Year : 2017 | Volume
| Issue : 2 | Page : 262-263
No-show as a cause of surgical cancellation: A mini review from a Middle Eastern perspective
Mohamed Mohamed Elawdy
Department of Urology, Ibri Regional Hospital, Ministry of Health, Ibri, Sultanate of Oman
Mohamed Mohamed Elawdy
Ibri Regional Hospital, P.O. Box 618, Ibri
Sultanate of Oman
Source of Support: None, Conflict of Interest: None
|Date of Web Publication||27-Mar-2017|
|How to cite this article:|
Elawdy MM. No-show as a cause of surgical cancellation: A mini review from a Middle Eastern perspective. Saudi J Anaesth 2017;11:262-3
|How to cite this URL:|
Elawdy MM. No-show as a cause of surgical cancellation: A mini review from a Middle Eastern perspective. Saudi J Anaesth [serial online] 2017 [cited 2020 Jul 5];11:262-3. Available from: http://www.saudija.org/text.asp?2017/11/2/262/203061
Abdulaziz AA, et al. reported the 34% of nonshow among the reasons of surgical cancellation (SC) on the analysis of no-show patients at day surgery program in a multidisciplinary 1500-bedded hospital. Although it was a prospectively-designed study, the authors did not give a good clarification for this high percentage of nonshow. As they mentioned, 36% of the patients did not answer over the phone, 30% had personal problems, and 9% thought that the surgeries were canceled by the hospital. We hoped for a better explanation for such miscommunication errors and what could be behind personal problems.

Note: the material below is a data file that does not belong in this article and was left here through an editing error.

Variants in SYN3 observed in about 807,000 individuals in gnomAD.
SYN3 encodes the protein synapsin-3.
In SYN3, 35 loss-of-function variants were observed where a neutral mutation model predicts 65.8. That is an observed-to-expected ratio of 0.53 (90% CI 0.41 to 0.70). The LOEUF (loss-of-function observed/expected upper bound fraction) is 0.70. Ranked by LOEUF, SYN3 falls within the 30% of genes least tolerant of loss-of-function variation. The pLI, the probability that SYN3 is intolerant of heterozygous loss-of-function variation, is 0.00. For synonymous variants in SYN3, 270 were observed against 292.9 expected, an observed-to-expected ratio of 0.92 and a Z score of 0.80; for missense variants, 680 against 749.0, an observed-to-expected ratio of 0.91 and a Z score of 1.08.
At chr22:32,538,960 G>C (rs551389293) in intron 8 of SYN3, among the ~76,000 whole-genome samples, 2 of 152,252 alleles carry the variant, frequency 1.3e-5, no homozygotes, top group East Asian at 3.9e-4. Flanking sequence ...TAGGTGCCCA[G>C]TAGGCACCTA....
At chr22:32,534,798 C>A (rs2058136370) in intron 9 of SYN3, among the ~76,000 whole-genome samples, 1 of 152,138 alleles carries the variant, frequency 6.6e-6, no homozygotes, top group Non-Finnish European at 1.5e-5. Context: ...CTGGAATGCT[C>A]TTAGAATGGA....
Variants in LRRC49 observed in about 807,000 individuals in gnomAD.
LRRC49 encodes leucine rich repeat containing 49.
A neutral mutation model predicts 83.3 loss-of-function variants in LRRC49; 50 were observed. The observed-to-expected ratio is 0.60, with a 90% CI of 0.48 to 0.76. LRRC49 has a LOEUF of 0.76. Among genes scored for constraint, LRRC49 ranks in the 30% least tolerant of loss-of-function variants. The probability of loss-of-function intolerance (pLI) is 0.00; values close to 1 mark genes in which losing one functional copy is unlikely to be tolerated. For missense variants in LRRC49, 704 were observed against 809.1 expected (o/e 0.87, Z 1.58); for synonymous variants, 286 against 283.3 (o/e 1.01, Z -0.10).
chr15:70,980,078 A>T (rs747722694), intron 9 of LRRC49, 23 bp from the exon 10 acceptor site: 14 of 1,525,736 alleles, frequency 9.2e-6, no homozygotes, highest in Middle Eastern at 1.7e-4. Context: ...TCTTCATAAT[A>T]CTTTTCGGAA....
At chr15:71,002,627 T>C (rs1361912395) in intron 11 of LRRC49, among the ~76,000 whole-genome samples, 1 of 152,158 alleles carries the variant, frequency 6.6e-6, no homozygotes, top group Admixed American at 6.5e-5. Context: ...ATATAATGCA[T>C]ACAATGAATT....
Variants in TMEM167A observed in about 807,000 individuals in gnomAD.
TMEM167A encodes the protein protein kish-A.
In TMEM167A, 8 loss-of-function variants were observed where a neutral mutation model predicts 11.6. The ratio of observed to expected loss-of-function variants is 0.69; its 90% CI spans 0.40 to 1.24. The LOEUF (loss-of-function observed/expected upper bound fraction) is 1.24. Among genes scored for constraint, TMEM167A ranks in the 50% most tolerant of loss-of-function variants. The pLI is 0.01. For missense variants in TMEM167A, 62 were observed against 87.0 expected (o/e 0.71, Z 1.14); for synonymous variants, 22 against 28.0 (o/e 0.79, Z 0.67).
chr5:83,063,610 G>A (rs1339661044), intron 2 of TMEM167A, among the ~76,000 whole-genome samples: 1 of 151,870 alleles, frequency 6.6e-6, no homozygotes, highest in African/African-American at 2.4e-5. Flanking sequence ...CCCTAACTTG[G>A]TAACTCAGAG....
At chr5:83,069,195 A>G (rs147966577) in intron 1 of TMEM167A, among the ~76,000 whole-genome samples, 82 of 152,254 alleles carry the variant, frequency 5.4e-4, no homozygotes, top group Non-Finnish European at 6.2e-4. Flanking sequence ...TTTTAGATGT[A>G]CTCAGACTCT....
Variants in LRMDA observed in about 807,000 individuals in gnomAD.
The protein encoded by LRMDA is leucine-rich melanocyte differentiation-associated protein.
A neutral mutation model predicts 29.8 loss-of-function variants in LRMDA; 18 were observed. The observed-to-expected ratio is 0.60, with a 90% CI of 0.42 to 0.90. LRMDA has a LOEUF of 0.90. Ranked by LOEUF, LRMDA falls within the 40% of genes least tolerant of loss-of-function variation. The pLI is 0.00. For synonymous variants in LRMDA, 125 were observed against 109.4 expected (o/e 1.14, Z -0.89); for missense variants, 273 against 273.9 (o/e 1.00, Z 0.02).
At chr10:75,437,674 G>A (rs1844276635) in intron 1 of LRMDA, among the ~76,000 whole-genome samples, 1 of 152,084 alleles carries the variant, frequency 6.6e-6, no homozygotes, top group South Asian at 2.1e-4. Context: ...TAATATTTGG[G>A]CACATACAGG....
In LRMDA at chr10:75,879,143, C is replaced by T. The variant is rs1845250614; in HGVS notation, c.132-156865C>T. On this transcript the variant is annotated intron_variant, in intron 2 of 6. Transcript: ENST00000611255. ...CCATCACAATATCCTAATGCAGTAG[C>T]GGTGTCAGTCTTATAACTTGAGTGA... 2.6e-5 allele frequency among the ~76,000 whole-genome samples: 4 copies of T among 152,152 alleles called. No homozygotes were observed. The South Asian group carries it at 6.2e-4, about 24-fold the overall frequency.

The topic SC is an important economic issue in health administration services, notably in the Middle East region. The operating theater (OT) is an integral part of any hospital and utilizes considerable economic resources and workforce. Proper OT utilization and lower cancellation rates are among good quality indicators.
Worldwide, the reported rate of SC due to patient no-show is ranged 10%–19%,, but publications from the Middle East region show different numbers. Studies from different regions in Saudi Arabia show a rate of 32%–42% cancellation due to patient no-show.,
Similar figures from a large MOH hospital in Oman indicate 60% no-show  and from a teaching hospital in Sudan indicate 35% no-show. Moreover, and in a study from a governmental hospital in Kuwait that targeted patients who were prepared for cataract surgery, 46% of the SC was due to patient no-show.
No-show is defined as individuals who have made, but neither keep, nor cancel their reservation, booking, or appointment.
In our region, heath services are almost completely covered by and sponsored through the government, which does not charge patients for surgical booking or cancellations. Although this could be a cause and main reason for no-shows, this matter requires more investigation.
While financial penalties are an attractive option to minimize patient-related SCs, this option should not be considered until hospital-associated reasons that may lead to patient noncompliance have been identified and managed appropriately. Among these are long waiting lists, hospital quality, and patients' desire to be treated at tertiary hospitals.
Regular audits, proper patient communication, and dedicated OT booking coordinators are a few ways that may help decrease the SC rate due to no-show.
Hopefully, the results of this and similar studies will increase the awareness of the burden of SCs and will encourage hospitals in our region to conduct similar prospective studies and to execute quality analyses. All aims to decrease the no-show rate to the minimum. This will increase OT utilization efficiency and will save a considerable portion of hospital financial resources.
| References|| |
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